A few weeks ago, I was on an evening fight from Las Vegas. The guy sitting in front of me looked a little green. Sure enough, a half-hour in, his buddy, sitting next to him, called for the flight attendant.
She floated up the aisle, looking smooth and prepared, with a big plastic bag and a glass of club soda.
"It's OK," she said to him kindly. "These things happen."
Her hand rested gently on the guy's shoulder. The mess got cleaned up completely. Thanks to the attendant's calm attention, he was asleep within 10 minutes. Most flight attendants would have handled the situation efficiently, but this one was so nice, in a way that seemed really familiar to me. I knew I had to talk to her.
A few minutes later, I went to the front of the plane.
"You do yoga, don't you?" I said.
"It's the only way I don't lose my mind on the road," she said.
"I could tell you practiced," I said.
"Because you were so decent to that guy."
"If you don't get sucked into people's drama and just recognize that they're suffering," she said, "it's amazing what can happen."
Right there, I thought, was the essence of yoga, in a metal tube at 35,000 feet.
Yoga works for any profession. I know doctors who say yoga makes them more empathetic to the needs of their patients, and chefs who claim it makes them better appreciate the needs of their diners. It also has more prosaic uses. My friend Melissa, a crime-scene investigator, likes to impress her fellow cops by using her Chaturanga skills to keep from getting dirty while looking for evidence under cars. In my own dull line of work, yoga keeps my mind calm as I sit at my computer for hour after hour. But it plays a special role for flight attendants, who travel constantly and spend most of their lives in the company of stressed-out, physically uncomfortable people.
I know this because I travel a lot, and the woman on the Vegas flight wasn't the first yoga flight attendant I'd met. There have been several that I've known of for sure, and several others that I've suspected. More than once, I've exchanged asana tips in the galley with the yoga-doing men and women of the skies. My friend Carina, who I met at my yoga teacher training, recently retired from the stewardess racket. But she always used her flier perks to good-humoredly travel the world, attending yoga workshops and retreats. It's a great job for the curious and open mindset that yoga practice seems to foster.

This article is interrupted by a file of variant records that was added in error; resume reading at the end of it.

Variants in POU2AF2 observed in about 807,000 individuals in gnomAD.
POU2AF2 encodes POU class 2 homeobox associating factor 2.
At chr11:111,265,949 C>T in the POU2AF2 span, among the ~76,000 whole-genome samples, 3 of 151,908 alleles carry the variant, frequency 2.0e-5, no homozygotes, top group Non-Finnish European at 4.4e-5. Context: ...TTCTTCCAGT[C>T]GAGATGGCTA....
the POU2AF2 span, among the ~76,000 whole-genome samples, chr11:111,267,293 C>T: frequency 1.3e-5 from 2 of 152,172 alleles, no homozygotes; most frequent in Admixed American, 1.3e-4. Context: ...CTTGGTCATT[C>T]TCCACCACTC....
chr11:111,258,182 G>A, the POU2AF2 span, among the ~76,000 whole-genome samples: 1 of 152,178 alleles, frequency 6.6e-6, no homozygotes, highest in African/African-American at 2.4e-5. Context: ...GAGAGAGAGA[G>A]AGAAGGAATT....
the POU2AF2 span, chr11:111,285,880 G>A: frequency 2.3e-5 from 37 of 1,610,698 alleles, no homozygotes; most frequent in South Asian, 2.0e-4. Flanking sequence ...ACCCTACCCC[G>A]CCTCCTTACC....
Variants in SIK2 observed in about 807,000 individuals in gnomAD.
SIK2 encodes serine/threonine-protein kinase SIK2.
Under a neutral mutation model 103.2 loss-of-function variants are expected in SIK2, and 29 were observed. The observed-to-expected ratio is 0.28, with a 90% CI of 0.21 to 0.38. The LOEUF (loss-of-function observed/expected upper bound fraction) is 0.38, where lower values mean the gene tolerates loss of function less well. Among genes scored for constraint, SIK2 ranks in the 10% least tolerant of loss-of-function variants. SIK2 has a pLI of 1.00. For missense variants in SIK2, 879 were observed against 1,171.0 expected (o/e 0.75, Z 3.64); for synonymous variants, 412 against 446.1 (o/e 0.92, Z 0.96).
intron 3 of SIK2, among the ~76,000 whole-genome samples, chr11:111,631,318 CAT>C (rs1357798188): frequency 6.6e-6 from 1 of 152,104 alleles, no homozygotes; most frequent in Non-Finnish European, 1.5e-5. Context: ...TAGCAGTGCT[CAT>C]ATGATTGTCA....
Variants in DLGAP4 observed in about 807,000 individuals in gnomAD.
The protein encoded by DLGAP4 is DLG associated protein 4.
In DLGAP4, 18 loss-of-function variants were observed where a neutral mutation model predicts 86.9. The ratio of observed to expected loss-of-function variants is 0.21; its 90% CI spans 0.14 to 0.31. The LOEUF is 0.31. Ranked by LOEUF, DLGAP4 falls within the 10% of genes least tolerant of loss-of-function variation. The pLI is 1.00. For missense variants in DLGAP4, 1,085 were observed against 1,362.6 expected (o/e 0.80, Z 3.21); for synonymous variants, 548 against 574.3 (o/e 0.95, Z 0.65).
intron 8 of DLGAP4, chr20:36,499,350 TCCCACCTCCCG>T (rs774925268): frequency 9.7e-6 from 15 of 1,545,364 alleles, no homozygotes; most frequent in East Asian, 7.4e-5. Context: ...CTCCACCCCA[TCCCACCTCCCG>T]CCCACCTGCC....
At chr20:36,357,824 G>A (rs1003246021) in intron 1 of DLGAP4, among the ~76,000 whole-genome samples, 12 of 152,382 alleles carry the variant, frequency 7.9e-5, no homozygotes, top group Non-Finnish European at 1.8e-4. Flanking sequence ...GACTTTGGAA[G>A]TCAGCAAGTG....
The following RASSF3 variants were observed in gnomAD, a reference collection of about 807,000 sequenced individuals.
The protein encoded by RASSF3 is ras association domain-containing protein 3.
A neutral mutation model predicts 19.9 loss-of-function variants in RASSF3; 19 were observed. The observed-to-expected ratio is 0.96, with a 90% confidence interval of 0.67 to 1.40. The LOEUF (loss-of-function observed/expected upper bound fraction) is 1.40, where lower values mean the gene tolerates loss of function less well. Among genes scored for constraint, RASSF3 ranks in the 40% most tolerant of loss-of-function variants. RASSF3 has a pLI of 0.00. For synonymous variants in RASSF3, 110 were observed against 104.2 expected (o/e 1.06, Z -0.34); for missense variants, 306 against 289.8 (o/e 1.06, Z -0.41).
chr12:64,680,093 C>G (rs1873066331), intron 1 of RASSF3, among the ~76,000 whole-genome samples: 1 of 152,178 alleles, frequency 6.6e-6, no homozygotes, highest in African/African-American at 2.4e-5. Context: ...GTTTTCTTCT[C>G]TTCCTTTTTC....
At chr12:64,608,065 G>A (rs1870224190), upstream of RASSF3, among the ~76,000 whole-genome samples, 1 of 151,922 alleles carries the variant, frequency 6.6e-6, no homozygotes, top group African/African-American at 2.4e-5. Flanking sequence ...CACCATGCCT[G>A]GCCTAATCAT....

All the yoga-doing flight attendants I've met say the same thing: It helps them deal with jet lag, and it helps them deal with people. Most importantly, it helps them live in the present moment. As my new friend on the Vegas flight said to me, "So many of the women and men I work with, they just shut down. That's why you see them in the back doing Sudoku or reading gossip magazines. It's the only way they can deal. Yoga teaches me to engage directly with whatever reality's right in front of me. It makes life a lot more interesting."
No matter what you do for a living, if you practice yoga, in the long run, you end up caring about people and empathizing with their problems. It doesn't mean people aren't annoying. The older you get, in fact, the more annoying people get, just because they're so predictable. If you can meet them at their level, and then make it your own level, then everyone will leave the day happier. And if you can do it on an airplane, where people are often at their worst, well, that's just a special gift to them and to the world. A little kindness goes a thousand miles.
So does a little asana. As my new friend said, "No matter the time of day, I do a Handstand the second I get to my hotel room."
That helps, too.